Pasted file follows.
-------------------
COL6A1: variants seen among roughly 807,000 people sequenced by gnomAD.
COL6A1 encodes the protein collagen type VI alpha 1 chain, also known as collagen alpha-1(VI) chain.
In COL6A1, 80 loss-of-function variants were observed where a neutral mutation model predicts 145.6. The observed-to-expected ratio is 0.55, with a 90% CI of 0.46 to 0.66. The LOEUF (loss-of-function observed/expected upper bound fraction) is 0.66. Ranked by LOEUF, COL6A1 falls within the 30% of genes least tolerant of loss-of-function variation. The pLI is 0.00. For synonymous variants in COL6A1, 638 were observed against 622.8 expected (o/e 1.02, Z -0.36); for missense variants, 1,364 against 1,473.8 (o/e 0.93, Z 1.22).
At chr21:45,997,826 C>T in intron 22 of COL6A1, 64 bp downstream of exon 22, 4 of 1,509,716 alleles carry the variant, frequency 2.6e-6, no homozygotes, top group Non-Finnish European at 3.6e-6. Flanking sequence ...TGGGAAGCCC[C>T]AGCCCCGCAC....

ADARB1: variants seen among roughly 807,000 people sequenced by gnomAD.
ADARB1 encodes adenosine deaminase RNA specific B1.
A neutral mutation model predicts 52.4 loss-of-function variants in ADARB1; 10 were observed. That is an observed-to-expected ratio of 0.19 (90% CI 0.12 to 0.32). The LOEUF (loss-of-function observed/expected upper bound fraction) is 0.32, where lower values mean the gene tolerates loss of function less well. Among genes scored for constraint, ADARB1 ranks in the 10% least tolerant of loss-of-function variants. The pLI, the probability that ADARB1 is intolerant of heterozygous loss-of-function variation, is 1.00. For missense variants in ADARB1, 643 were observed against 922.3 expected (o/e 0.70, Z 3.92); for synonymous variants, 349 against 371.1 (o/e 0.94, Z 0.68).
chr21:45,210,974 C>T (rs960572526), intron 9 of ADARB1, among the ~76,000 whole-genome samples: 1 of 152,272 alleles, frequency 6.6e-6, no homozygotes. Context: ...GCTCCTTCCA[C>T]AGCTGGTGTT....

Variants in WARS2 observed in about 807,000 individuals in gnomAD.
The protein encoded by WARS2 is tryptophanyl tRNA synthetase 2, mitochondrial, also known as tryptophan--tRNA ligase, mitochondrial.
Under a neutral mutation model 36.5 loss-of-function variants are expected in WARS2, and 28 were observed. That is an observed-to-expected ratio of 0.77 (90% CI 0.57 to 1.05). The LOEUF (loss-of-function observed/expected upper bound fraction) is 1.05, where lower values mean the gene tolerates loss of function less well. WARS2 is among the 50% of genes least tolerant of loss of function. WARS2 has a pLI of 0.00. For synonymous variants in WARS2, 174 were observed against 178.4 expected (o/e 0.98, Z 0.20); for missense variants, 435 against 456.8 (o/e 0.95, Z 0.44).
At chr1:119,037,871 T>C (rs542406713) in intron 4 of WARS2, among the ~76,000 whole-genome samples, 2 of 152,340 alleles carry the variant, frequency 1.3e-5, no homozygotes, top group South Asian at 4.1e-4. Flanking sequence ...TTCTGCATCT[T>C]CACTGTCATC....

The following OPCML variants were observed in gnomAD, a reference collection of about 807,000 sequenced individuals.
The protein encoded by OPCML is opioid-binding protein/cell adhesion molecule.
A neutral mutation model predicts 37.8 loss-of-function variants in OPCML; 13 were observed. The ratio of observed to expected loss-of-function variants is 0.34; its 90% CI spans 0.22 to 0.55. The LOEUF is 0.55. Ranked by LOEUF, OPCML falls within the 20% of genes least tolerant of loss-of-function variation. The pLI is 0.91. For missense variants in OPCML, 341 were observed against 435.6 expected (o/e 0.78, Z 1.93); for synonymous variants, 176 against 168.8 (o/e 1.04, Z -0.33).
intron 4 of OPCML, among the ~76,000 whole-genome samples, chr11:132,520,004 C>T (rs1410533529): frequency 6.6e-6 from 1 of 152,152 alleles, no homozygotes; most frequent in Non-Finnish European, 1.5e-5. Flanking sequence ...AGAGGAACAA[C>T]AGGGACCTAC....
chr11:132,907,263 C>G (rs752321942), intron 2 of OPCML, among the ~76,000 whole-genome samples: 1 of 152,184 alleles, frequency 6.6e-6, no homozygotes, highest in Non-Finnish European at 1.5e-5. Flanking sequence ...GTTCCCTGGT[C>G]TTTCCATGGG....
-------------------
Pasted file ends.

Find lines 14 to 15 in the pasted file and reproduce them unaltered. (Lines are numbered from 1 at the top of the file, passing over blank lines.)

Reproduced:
The protein encoded by OPCML is opioid-binding protein/cell adhesion molecule.
A neutral mutation model predicts 37.8 loss-of-function variants in OPCML; 13 were observed. The ratio of observed to expected loss-of-function variants is 0.34; its 90% CI spans 0.22 to 0.55. The LOEUF is 0.55. Ranked by LOEUF, OPCML falls within the 20% of genes least tolerant of loss-of-function variation. The pLI is 0.91. For missense variants in OPCML, 341 were observed against 435.6 expected (o/e 0.78, Z 1.93); for synonymous variants, 176 against 168.8 (o/e 1.04, Z -0.33).